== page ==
Jason Ferruggia: I love to train, so I could train seven days a week if over training wasn’t an option. However, not everyone has the luxury of training whenever and as often as they want. Most guys are lucky if they can get in three workouts per week. Some get four, but its rare that the average guy will train more than four times per week. Nor should he. Well, let me clarify that. He shouldn’t strength train more than four times per week. You can always add in some other conditioning work or sprints and things like that.

I do know a lot of guys like to train four days a week better than three, if they have the choice.  So I experimented for the last couple of years with a lot of guys I coach at the gym and online to see what would get the better results, four days or three days. We went back and forth for a while just trying a lot of different things. I was kind of set in my ways with a system that I had been using for years, because it gets outstanding results.  But I said, “Let me try some different things here and see what’s what.” Just to be sure, ya know?

On the four day split what I often found was that if you’re going to do four days you really have to limit it to three hard days. I feel like it always ends up becoming three and a half days with a fourth easier day on a Saturday.  This has to be kind of a down day where you’re just doing glute ham raises, some neck and grip, some calves and abs, something like that.

Four, hard big workouts per week is A LOT mentally and physically for most people to get up for. And it’s hard to recover from.

So, if you have a big bench press day, a squat day, a military press day, and a dead lift day, that’s four big workouts in a week with assistance exercises. I find that’s a lot for people to handle. You can do it for about two or three weeks, but then I do find that people start to burn out. For me it’s usually only two weeks. It depends how strong you are, you’ll burn out faster the stronger you are.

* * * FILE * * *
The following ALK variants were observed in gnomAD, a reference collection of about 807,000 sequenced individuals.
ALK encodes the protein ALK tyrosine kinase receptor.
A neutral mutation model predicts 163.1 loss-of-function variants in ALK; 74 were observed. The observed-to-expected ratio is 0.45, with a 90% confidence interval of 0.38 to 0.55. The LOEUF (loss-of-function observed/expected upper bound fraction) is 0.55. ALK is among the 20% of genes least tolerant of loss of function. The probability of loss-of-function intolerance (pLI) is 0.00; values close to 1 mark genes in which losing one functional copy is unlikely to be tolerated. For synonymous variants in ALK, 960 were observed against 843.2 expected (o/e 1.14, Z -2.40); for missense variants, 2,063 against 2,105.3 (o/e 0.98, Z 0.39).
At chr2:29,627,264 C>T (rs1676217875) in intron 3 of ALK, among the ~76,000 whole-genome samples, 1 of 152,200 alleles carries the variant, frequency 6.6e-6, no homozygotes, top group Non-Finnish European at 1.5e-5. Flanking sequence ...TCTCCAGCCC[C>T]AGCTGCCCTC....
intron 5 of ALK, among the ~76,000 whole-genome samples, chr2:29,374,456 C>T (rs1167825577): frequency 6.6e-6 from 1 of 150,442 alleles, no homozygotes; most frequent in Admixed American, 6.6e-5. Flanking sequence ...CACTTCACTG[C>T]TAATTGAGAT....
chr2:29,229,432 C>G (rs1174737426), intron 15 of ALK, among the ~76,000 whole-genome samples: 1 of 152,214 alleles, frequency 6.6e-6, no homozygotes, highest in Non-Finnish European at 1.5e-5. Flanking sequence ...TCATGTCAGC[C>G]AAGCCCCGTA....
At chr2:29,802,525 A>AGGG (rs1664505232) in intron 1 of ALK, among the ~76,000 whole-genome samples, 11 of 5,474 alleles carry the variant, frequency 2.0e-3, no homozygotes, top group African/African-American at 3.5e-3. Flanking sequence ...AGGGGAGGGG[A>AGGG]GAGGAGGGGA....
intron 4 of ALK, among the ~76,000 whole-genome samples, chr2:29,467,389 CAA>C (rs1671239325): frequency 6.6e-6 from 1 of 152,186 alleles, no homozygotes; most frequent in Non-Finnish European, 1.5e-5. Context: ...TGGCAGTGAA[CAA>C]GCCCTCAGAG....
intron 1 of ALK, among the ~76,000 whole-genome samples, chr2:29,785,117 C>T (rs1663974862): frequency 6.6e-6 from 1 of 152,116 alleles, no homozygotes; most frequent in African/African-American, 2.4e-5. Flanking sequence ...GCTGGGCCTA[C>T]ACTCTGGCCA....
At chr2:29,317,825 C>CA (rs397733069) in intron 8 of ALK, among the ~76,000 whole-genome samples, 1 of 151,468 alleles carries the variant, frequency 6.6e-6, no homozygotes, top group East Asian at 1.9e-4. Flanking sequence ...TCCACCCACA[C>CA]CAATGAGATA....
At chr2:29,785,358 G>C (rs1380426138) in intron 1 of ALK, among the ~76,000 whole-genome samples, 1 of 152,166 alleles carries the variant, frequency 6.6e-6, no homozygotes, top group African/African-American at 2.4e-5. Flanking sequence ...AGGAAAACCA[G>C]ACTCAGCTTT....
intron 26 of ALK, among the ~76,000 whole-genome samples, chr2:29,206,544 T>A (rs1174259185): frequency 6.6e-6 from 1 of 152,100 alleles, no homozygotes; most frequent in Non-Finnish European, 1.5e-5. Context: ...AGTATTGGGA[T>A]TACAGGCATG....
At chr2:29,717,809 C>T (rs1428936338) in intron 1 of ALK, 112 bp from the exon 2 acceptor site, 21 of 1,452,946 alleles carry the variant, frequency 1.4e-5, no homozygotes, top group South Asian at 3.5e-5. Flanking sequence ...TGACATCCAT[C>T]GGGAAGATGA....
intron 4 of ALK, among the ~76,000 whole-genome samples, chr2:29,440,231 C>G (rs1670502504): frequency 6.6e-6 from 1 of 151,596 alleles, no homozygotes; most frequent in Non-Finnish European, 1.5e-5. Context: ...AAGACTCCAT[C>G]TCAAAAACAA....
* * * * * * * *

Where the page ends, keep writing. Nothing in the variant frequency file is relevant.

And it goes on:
Also, another problem with the four days was that people weren’t always making it to every workout. People have real jobs, a busy schedule, family commitments and a life. So with four days per week people weren’t always able to get there. Three days just seemed to be more practical for the majority of people.

Four days just wasn’t realistic for a lot of people and the motivation wasn’t always there also. People coming three days were always excited to be there. Sometimes with four days people start to get overexposed and not as motivated by that fourth day.  I like people to be motivated every time they’re in the gym.

It’s always nice to have a day off between high intensity workouts as well, not just for your muscles but for your nervous system, your mind and your joints. That way you’re always fresh mentally and physically, and you get that with three days. That’s why we ended up sticking with three days and it’s always what I seem to go back to.

Three days always has seemed to get the best results for the majority of people I’ve trained. Four days is only beneficial when you have outstanding recovery ability, a lot of time, low stress levels; and even then I still think that fourth day should be an easier day with less demanding exercises. If you do that you can get away with it. But for most people, if they only have the time, they should opt to get outside and sprint on that fourth day as it will give you a lot better results in the end.